Tuesday, May 28, 2013

A trip to New Mexico

I didn't do very much this weekend, but I looked through my scrapbooks from 2007-present and realized I've been to some great places these past six years.  I've blogged about most of the trips during my blogging history, but there were quite a few before - so I am going to pick one and tell you about it.

In October 2007 I went to Albuquerque, New Mexico for a work trip.

After I landed, I went to the Petroglyph National Monument and walked around for a while.  It astonished me that these images created by the Native Americans and Spanish settlers are so old but have survived the outside elements for so long (400-700 years ago) for us all to enjoy.

After that, I went to the Sandia Peak and took the tram to the top - 10,378 feet.  The construction took 2 years, and underwent 6 months of extensive testing before the first passengers rode up in 1966.   This was the first time I was on a tram that was so long - 2.7 miles! (only other tram's I've been on until here was the ones a a zoo).  The ride up took about 15 minutes...and after we reached a certain point, I was nervous looking out the window...going down was easier for me.

The view from the top was pretty.  I think we looked around for like 15 - 20 minutes and headed back down...there was nothing to do at the top (at the time I went at least).

After this I went for the best Mexican food I've had so far. I don't remember the name of it, but it was in a shopping center.  Then I headed to the hotel to check in.

After a few meetings, we decided to attend the Albuquerque Hot Air Balloon Fiesta, it was only $6 at the time.  This required me to wake super early so we can get there at least an hour before the sun rose.  It was amazing...seeing so many balloons getting ready for their assent and all the different balloons. We stayed here probably until noon. This was truly such a spectacular experience.

Unfortunately I learned that my camera sucked with 'nighttime' images.

After the Fiesta a few of us went into old town Albuquerque for lunch and to walk around.

My meetings ended and I wanted to best utilize the extra days off I took.  This required a bit of driving - and cancelling doing one thing because it was so far away from everything else and I was just exhausted by the end...traveling alone is nice at times, but also difficult because you have do do all the work.

Aztec Ruins National Monument was the first time I saw ruins.  The Aztec Ruins are 900+ years old and contain over 400 masonry rooms.  I was very impressed with the ruins and the reconstructed kiva. I walked the path and followed the brochure to read about everything.  It was a fairly quick stop.

That same day, I headed over to Bisti Badlands.  There was very little information about this place, I only knew about it because someone mentioned it, I think my ENT.  It was surreal...especially if you are from the East Coast, we don't see things like this.  I think I passed one small groupe while I was there, and I spent a few hours exploring all the shape formations and the fossils.  

Then I headed over to Chaco Culture National Park, an ancestral Pueblo site from 850-1250 A.D.  I followed the path and read the brochure learning about the site.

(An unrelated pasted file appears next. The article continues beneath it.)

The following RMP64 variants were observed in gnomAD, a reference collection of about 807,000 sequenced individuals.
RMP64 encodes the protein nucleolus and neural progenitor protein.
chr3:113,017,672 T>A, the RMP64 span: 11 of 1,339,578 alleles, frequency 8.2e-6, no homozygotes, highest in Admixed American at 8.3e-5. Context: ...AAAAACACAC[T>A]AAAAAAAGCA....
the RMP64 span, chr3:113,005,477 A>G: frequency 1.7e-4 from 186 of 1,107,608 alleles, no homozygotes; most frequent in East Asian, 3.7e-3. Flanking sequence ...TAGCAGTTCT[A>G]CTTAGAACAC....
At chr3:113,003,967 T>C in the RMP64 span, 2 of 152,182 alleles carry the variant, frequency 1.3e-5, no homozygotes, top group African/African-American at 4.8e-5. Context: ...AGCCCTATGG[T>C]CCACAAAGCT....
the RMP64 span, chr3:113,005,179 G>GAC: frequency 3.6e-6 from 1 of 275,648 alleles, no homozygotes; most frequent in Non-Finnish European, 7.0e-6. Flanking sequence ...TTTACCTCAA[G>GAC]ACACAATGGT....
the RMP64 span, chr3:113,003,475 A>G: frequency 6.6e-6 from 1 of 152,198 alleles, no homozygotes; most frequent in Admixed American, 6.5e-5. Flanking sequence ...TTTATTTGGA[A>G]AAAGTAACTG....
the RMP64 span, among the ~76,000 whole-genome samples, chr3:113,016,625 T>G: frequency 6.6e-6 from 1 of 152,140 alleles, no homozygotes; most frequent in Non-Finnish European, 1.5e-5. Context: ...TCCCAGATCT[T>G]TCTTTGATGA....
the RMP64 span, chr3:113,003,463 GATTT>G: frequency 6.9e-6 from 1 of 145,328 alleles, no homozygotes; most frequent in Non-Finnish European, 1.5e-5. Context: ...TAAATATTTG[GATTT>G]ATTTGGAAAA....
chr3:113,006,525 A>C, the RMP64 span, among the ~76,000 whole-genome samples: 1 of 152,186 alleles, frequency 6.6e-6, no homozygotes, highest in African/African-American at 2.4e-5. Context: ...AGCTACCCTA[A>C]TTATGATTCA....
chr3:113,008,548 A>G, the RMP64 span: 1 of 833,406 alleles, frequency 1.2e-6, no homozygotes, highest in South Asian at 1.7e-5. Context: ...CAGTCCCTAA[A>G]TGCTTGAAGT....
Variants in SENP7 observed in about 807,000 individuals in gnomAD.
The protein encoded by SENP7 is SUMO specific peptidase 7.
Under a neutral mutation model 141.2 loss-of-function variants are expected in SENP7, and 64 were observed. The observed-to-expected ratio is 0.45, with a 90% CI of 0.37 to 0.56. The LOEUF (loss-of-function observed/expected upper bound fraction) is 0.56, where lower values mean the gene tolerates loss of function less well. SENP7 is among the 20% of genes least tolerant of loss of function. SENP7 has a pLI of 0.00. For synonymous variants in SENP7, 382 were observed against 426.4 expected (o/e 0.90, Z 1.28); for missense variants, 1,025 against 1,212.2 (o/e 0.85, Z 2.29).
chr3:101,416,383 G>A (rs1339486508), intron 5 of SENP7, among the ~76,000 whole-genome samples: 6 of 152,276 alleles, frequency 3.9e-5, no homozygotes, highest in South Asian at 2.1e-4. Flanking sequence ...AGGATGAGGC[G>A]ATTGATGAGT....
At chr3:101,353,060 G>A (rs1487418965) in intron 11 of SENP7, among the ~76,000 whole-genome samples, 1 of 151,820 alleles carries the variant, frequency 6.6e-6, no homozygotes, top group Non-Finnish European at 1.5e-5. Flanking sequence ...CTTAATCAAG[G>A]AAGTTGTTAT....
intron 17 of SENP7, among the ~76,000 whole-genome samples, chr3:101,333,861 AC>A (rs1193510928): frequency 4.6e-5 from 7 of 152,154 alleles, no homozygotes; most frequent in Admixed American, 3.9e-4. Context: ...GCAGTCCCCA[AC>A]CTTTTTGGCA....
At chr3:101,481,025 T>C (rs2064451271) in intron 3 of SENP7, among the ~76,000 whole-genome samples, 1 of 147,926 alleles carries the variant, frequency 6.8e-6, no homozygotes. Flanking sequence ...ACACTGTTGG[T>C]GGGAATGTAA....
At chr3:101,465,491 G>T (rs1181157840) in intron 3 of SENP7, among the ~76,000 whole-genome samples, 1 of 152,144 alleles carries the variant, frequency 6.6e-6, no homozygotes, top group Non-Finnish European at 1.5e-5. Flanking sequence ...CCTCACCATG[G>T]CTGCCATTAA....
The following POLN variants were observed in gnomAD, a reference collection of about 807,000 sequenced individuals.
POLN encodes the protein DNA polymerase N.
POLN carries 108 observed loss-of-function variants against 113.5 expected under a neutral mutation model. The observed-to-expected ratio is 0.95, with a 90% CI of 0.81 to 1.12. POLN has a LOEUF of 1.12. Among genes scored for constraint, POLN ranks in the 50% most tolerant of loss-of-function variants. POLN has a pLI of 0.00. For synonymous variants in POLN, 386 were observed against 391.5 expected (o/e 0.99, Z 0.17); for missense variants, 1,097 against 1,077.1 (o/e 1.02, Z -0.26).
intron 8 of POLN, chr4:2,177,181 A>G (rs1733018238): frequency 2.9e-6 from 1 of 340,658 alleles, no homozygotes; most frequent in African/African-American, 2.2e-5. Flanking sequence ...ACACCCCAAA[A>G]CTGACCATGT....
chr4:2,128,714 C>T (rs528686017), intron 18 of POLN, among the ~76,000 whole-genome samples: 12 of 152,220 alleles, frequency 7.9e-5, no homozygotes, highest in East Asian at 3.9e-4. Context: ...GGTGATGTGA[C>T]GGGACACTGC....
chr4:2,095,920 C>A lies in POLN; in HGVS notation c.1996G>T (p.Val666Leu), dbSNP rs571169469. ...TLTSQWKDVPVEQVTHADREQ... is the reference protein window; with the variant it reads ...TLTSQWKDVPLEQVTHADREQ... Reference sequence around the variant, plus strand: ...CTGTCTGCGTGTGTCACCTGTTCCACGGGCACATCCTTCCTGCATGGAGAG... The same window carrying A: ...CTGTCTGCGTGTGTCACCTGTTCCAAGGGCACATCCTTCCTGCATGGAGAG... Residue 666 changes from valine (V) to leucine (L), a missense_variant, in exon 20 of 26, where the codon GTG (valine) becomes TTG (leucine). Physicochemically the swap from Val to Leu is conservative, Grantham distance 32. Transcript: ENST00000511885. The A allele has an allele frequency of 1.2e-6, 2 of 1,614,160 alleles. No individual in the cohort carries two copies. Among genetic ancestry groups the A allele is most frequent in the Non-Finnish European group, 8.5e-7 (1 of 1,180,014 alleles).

The next day I headed up to Four Corners.  I got there early, the gate was open but all the vendors weren't there yet...which meant I had the place to myself for a while so I could take my time attempting to set my timer to get a picture of me.  There is a platform where a brass and granite marker marks the intersection of Arizona, New Mexico, Utah and Colorado.

From Four Corners I headed up to Mesa Verde.  I took the tour and was still not prepared even though the cashier mentioned the ladders.  Mesa Verde's highest point is 8,572 and the view from the top was as vast as you can imagine.  Mesa Verde is a cliff dwelling where Puebloans lived for 700 years. There were two tours the Balcony House and Cliff House; I think it was the Cliff House that not only had quite a high ladder to climb to get into the dwelling, but once the tour was over, we had to climb another ladder and then weave our way through the rope that attached to the rock...I wish I got a picture of this...but by the time i realized that we had to do this, I was so scared and didn't want to use my hand to get out the camera.  But I did it and after I was proud of myself.

On my last super filled day, I headed to Bandeiler National Monument and walked the trail.  These ruins were not in as good shape as others I saw in the previous few days.  What was nice was that the trails also went through an area with a small waterfall, so it was a little more scenic than some of the other places, but I was only here maybe 90 - 120 minutes since I knew there were other things I still wanted to do this day.

I stopped in Santa Fe for lunch.  The center of town was like a circle/square and was quaint with restaurants and shops.

Then I headed to Kasha-Katuwe Tent Rocks National Monument, another area my ENT told me about...which was amazing.  This was one of my favorite stops on my trip.  The cone shaped tent rock formations are the product of volcanic eruptions that occurred 6-7 million years ago.  I took the 1.5 one-way hike to the top of the mesa...and then 1.5 miles back down.  I realized that hiking alone isn't always the best idea...there were some tight areas where if I fell....no one would have had any idea.  It was the most strenuous hike I took that week, but I enjoyed it quite a bit and since try to hike when I am away.

Before heading back to the airport, I stopped at Tinkertown Museum, which started as a hobby and then opened to the public.

No comments:

Post a Comment